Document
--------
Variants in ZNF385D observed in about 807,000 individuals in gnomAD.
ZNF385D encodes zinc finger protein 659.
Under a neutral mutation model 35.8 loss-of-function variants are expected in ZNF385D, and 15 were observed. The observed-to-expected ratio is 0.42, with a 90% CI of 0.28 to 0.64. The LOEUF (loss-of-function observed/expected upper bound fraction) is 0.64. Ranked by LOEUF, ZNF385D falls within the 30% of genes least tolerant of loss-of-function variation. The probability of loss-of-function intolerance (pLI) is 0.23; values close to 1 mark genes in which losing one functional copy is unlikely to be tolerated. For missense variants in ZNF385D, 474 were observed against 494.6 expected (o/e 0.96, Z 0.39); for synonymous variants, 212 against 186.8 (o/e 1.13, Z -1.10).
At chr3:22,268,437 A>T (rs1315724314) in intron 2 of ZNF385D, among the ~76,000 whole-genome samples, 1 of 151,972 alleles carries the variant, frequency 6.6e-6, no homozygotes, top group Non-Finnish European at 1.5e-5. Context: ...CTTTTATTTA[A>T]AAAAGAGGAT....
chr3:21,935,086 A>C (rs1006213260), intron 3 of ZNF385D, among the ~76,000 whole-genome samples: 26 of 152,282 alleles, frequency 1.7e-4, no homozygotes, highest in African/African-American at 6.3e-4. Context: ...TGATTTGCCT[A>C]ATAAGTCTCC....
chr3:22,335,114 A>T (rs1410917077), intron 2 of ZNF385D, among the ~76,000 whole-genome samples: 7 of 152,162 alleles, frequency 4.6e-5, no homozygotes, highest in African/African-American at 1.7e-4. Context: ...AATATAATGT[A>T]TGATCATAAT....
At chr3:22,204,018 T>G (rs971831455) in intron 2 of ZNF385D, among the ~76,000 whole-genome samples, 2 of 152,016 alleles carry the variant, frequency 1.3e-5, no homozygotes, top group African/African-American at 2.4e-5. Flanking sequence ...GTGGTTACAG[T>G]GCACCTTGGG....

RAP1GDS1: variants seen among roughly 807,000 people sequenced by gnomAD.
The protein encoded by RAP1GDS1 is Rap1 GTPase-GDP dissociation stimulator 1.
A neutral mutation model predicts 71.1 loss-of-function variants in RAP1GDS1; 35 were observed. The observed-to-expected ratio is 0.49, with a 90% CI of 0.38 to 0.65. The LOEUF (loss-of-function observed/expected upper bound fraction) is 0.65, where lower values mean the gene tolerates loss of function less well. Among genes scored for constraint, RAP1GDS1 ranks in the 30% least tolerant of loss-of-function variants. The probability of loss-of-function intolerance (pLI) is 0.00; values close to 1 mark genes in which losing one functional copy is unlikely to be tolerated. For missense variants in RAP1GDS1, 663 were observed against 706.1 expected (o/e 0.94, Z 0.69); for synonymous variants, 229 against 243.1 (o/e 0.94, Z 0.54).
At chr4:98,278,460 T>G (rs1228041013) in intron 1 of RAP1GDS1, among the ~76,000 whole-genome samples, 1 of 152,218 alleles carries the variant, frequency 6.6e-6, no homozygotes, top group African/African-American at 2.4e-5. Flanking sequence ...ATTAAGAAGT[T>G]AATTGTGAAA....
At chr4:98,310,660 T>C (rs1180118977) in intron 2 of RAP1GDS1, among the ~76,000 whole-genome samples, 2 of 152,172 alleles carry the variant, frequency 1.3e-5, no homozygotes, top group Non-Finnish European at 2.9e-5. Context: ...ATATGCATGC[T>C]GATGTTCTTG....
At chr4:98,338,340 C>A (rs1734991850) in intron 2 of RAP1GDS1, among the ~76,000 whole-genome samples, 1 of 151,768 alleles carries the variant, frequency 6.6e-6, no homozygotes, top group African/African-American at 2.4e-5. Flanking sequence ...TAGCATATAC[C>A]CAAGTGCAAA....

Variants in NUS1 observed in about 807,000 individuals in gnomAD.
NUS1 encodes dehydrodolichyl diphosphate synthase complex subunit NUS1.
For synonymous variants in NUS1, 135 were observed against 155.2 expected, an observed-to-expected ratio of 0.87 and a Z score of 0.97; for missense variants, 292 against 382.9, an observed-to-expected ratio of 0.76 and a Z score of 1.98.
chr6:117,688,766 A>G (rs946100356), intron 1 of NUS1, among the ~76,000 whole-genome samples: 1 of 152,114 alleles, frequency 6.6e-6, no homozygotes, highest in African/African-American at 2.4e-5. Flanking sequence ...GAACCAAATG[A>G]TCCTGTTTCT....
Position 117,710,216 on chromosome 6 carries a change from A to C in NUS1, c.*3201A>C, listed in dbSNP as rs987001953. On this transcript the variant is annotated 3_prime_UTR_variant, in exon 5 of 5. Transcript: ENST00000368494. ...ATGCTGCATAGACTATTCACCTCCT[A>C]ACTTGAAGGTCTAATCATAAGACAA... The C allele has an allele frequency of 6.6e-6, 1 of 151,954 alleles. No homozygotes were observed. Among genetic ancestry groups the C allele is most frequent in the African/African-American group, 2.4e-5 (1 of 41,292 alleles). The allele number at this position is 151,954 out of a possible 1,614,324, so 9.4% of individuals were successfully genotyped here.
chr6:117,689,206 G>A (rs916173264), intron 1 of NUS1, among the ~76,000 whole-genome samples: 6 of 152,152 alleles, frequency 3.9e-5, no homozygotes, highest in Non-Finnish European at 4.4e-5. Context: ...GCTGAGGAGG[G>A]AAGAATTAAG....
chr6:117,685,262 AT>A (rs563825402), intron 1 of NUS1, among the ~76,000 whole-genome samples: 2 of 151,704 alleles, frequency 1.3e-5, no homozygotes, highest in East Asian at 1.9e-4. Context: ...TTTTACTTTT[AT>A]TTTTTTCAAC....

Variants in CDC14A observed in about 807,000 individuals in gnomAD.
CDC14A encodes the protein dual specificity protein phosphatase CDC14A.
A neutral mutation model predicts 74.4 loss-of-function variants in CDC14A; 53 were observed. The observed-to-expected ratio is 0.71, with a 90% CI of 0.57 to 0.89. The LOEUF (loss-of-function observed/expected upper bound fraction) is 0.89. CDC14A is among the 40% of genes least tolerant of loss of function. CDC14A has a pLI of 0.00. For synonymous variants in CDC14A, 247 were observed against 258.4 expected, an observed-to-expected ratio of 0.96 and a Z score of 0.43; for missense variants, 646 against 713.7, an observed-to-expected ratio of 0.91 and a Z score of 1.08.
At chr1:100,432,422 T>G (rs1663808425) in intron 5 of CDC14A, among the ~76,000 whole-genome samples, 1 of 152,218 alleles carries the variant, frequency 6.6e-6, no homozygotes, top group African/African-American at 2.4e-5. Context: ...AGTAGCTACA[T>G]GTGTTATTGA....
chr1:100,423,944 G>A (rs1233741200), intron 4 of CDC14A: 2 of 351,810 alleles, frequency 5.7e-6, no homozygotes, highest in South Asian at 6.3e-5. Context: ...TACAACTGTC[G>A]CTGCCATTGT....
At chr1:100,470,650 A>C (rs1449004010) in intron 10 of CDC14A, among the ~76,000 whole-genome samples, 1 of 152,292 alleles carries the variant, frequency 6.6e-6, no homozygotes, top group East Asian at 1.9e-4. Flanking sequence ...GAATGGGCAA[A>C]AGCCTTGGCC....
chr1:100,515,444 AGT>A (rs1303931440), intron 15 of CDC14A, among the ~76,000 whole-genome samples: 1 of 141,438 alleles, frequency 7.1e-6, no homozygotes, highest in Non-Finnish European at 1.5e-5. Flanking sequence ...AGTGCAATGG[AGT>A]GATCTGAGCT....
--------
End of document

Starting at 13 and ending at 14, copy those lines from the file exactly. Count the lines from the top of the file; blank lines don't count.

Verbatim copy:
At chr4:98,338,340 C>A (rs1734991850) in intron 2 of RAP1GDS1, among the ~76,000 whole-genome samples, 1 of 151,768 alleles carries the variant, frequency 6.6e-6, no homozygotes, top group African/African-American at 2.4e-5. Flanking sequence ...TAGCATATAC[C>A]CAAGTGCAAA....

Variants in NUS1 observed in about 807,000 individuals in gnomAD.